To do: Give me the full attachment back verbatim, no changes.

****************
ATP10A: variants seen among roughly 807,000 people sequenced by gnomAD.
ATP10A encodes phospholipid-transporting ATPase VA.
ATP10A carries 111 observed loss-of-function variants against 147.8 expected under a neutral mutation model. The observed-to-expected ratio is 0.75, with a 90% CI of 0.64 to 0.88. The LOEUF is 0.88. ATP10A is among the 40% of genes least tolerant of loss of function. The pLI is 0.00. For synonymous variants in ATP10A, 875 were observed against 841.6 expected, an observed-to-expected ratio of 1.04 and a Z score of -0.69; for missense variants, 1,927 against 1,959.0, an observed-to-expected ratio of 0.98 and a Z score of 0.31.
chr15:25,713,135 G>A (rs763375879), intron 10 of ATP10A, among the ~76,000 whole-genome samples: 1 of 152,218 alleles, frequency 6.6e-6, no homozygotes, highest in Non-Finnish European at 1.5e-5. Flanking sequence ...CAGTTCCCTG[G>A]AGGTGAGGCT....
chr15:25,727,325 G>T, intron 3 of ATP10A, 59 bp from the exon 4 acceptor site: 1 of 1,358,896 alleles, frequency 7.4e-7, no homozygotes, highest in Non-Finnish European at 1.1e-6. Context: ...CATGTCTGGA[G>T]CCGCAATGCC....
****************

ATP10A: variants seen among roughly 807,000 people sequenced by gnomAD.
ATP10A encodes phospholipid-transporting ATPase VA.
ATP10A carries 111 observed loss-of-function variants against 147.8 expected under a neutral mutation model. The observed-to-expected ratio is 0.75, with a 90% CI of 0.64 to 0.88. The LOEUF is 0.88. ATP10A is among the 40% of genes least tolerant of loss of function. The pLI is 0.00. For synonymous variants in ATP10A, 875 were observed against 841.6 expected, an observed-to-expected ratio of 1.04 and a Z score of -0.69; for missense variants, 1,927 against 1,959.0, an observed-to-expected ratio of 0.98 and a Z score of 0.31.
chr15:25,713,135 G>A (rs763375879), intron 10 of ATP10A, among the ~76,000 whole-genome samples: 1 of 152,218 alleles, frequency 6.6e-6, no homozygotes, highest in Non-Finnish European at 1.5e-5. Flanking sequence ...CAGTTCCCTG[G>A]AGGTGAGGCT....
chr15:25,727,325 G>T, intron 3 of ATP10A, 59 bp from the exon 4 acceptor site: 1 of 1,358,896 alleles, frequency 7.4e-7, no homozygotes, highest in Non-Finnish European at 1.1e-6. Context: ...CATGTCTGGA[G>T]CCGCAATGCC....